Other aspects of the invention will be apparent from the following description and the appended claims.
Specific embodiments of the invention will now be described in detail with reference to the accompanying figures. Like elements in the various figures are denoted by like reference numerals for consistency. Further, the use of “ST” in the drawings is equivalent to the use of “Step” in the detailed description below.
In the following detailed description of one or more embodiments of the invention, numerous specific details are set forth in order to provide a more thorough understanding of the invention. However, it will be apparent to one of ordinary skill in the art that the invention may be practiced without these specific details. In other instances, well-known features have not been described in detail to avoid obscuring the invention.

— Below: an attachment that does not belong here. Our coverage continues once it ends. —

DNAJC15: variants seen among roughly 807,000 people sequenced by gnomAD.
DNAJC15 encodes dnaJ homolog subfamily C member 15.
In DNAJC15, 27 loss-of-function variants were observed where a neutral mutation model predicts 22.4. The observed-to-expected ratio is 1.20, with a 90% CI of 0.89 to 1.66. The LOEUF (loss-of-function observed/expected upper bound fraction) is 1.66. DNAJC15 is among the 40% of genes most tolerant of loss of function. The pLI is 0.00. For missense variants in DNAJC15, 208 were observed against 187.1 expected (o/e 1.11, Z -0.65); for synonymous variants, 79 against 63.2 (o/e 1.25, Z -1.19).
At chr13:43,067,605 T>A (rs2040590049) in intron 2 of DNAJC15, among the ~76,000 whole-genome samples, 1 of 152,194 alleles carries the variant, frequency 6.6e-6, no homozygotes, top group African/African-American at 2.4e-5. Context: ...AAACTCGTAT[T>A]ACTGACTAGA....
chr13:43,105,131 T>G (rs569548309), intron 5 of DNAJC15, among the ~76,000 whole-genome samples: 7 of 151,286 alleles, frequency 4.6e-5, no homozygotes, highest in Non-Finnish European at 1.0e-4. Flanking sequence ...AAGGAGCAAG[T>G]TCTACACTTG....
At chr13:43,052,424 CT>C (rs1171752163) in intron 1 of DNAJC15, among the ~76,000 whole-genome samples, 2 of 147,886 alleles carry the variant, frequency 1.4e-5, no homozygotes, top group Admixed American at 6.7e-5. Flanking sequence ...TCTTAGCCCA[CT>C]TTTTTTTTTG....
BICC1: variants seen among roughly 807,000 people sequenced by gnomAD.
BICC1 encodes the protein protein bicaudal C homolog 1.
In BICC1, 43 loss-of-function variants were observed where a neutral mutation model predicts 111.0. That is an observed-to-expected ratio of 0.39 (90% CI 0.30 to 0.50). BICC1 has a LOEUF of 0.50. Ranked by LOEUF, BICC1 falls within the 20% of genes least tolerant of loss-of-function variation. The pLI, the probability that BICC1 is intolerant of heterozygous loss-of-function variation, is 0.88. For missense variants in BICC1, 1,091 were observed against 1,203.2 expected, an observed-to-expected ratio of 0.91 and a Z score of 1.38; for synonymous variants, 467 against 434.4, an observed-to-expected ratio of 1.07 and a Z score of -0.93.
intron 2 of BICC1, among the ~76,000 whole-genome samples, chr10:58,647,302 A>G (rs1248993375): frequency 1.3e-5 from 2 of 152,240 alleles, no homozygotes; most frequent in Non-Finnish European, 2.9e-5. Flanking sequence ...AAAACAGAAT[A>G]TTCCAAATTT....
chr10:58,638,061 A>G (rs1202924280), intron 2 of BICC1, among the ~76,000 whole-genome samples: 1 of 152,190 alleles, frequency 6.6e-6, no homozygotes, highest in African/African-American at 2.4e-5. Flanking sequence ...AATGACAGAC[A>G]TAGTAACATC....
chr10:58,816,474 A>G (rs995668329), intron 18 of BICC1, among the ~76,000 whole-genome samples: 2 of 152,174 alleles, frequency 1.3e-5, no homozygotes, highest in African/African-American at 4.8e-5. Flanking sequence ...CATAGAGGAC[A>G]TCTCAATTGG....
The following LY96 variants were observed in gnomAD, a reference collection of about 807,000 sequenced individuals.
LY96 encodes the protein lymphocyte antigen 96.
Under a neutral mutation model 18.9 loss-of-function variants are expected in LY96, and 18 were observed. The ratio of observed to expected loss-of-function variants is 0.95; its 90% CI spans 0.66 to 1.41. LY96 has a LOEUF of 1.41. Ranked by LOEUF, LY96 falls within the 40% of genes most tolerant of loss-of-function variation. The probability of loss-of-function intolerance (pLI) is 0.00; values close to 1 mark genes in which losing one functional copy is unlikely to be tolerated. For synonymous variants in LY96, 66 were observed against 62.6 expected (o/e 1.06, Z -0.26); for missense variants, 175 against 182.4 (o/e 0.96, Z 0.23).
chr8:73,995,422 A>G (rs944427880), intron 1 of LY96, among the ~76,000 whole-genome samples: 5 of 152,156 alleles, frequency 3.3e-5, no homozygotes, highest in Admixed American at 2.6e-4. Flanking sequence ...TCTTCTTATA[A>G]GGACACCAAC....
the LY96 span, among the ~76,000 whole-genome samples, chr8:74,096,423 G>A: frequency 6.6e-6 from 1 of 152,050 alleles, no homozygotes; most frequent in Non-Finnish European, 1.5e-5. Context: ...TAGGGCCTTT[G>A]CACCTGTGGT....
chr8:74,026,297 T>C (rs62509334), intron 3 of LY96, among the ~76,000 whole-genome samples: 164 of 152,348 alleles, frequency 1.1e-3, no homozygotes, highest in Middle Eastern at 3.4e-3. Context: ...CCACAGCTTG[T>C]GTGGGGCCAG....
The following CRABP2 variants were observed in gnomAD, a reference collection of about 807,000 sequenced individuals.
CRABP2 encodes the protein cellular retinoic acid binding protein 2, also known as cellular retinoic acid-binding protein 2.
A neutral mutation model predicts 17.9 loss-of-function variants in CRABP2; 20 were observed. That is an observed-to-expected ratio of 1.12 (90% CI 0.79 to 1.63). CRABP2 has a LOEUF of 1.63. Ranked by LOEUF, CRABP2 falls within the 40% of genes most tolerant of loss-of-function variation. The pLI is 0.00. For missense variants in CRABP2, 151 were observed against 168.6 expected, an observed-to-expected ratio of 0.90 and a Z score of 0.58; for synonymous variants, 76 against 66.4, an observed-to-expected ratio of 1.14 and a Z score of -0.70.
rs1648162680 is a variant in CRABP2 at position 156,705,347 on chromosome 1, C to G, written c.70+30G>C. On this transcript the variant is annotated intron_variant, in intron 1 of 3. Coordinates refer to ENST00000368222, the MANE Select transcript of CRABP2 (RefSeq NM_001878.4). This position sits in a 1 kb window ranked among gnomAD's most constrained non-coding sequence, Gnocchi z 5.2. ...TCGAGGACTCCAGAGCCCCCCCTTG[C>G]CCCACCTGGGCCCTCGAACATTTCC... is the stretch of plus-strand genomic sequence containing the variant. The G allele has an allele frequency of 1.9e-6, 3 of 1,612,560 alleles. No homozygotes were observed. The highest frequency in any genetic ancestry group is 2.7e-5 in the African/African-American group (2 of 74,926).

In general, embodiments of the invention relate to data replication. More specifically, embodiments of the invention relate to enabling a file system to support per-file and per-block replication. Said another way, embodiments of the invention are directed to file system that allows for the granularity of the replication type to be specified on a per-block basis, a per-file basis or a per-file system basis.